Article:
By Frank Berte
57—the number of days, at the time of this printing, until the Destin Fishing Rodeo begins! For us locals, it’s time to begin getting ready for this year’s Fishing Rodeo season—part of what Destin is known for!
The Destin Fishing Rodeo 1948 – 2021
The Rodeo began in May of 1948 to bring people to Destin. It worked! Destin shortly became known as a summer tourist destination and “The World’s Luckiest Fishing Village.”
The Rodeo founders, people such as Howard Marler, Jewel Melvin and Willie Marler, decided that moving the Rodeo to October would lengthen the tourist season another month. Today the 73-year-old Rodeo is held October 1- 31.
Destin Fishing Rodeo awards are sponsored in good part by area businesses. Other awards are paid for by the Rodeo through entry fees and merchandise sales. Proudly called the “Luckiest Fishing Village,” that phrase could designate the size and amount of fish that can be caught off Destin’s shores, or the prizes that are won—even those won in those first Rodeos. The winning King Mackerel in the first Rodeo won the angler a new kitchen: a refrigerator, stove and even the kitchen sink! In 1950, the Rodeo was still awarding kitchen appliances, but the top prize that year was a lot in Destin, complete with survey, title and insurance! The lot was valued at $500! Hhhhmmmm, wonder what that prize would be worth today?! Of course, not all the prizes could be that grand. For example, the largest Triggerfish in 1951 brought $25.00, one windshield wiper, and 12 cans of beer to the lucky angler.
The Rodeo no longer awards kitchen appliances or beer to the winners. As far as the lot in Destin goes, the Rodeo would be happy to give one away if someone wants to donate it! Today the awards are mostly fine rods and reels, fishing trips, weekend stays and everyone’s favorite—cash.
The Fishing Rodeo committee is kicking around ideas for future prizes, and with new contacts, it hopes to add boats, cars and exotic fishing trips to the list of prizes in the next few years.
The Rodeo’s Rules Committee governs all activities related to angler and fish eligibility. In the early days of the Rodeo, there were 20 rules listed on one page. They were general rules covering eligibility of contestants and the types of fish that could be entered. 15 species could be entered in the Rodeo.
Today, rules take up five pages in the annually published Rodeo book. There are 75 separate rules covering 33 species in 29 divisions. As future state and federal fishing regulations change, so will the Rodeo rules.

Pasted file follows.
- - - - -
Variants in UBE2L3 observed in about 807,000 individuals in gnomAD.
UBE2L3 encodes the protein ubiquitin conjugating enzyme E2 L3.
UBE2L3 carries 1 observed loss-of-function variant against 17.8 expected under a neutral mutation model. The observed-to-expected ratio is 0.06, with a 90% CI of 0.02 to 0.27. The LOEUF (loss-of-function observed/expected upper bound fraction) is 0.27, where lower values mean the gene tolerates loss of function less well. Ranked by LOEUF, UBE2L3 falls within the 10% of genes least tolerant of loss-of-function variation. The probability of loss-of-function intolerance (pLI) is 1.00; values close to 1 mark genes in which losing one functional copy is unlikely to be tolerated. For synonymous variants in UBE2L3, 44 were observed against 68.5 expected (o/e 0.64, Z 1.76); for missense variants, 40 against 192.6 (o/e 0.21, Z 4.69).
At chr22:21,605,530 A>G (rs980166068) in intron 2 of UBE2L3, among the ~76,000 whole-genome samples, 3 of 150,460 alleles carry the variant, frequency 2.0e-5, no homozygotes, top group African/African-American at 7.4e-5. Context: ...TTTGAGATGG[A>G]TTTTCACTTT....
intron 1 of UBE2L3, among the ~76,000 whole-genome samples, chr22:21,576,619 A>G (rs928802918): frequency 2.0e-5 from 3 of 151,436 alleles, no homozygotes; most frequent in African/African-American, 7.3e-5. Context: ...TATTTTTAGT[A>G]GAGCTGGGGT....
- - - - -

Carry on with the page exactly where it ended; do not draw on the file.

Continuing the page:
Private boats and Charter boats must register to enter the Rodeo at least 24 hours prior to weighing a fish. There is no entry fee for anglers on registered vessels. Shore fishermen can participate by just bringing their catch to the scale. Hundreds of people watch the weigh-ins every day. When a shark or a big grouper or tuna is on the scale, the crowd reaches “standing-room-only” status. The Rodeo has truly become a “spectator sport.”
The Rodeo has always depended on volunteers to make it successful. Volunteer help is the only way the Rodeo has succeeded for 73 years, and the only way it will continue to succeed. A volunteer Board of Directors that consists mainly of local business people with an interest in fishing runs the Rodeo. This Board governs all committees and the day-to-day activities of the Rodeo. Volunteers serve as Rodeo judges at the weigh-ins every day in October. Judging requires two to four people per shift for 31 days (two shifts per day). The Rodeo also has a merchandise booth that is manned by three to four volunteers October 1 – 31. Between the two, the Rodeo needs about 620 folks to donate two to five hours in October. The Rodeo has more than 2500 available hours of volunteer service. Call the Rodeo office to volunteer—no experience required.
Rodeo entries were kept by hand and calculated by hand until 1991. All entries were logged into a book and verified by the Boat captain, the Rodeo judge and the Rodeo director. At the end of each day, all of the entries were calculated by division and a daily winner was determined. The Rodeo director stayed after the weigh station closed every evening to calculate the winners, type a daily report and get it to the newspaper for the next day’s edition.
Today, the Rodeo is as high-tech as any business. All catches are entered into a computer program on-line and are automatically calculated. Anyone with internet access can see who is leading in any category in real-time 24 hours a day 7 days a week. Reports are automatically generated and e-mailed to the press for publication. As technology advances, the Rodeo will as well.
The Destin Fishing Rodeo has a significant economic impact on Destin. In 2019 an estimated 36,518 anglers from 33 states and two countries (AL, AR, AZ, CA, CO, FL, GA, IL, IN, KS, KY, LA, MD, ME, MI, MN, MO, MS, MT, NC, NE, NJ, NM, NY, OH, OK, PA, SC, TN, TX, VA, WA, WY, Canada, England). 13,421 locals participated in the Rodeo. Using TDC calculations of $225.00 per person x 23,097 people (based on anglers alone, not including non-fishing companions), there was $5,196,825.00 revenue into the community directly related to the Destin Fishing Rodeo.
Anglers provide an estimated $3,831,600 income to the charter boat industry in October.
Fuel sales between the two largest fuel providers on the harbor in October is $486,980 in October compared to $119,807 in November – a 75% decrease.
The Gross Lodging Income in Destin in October was $6,216,018 compared to November at $3,723,790, a 42% decrease from October to November. Let’s go fishing!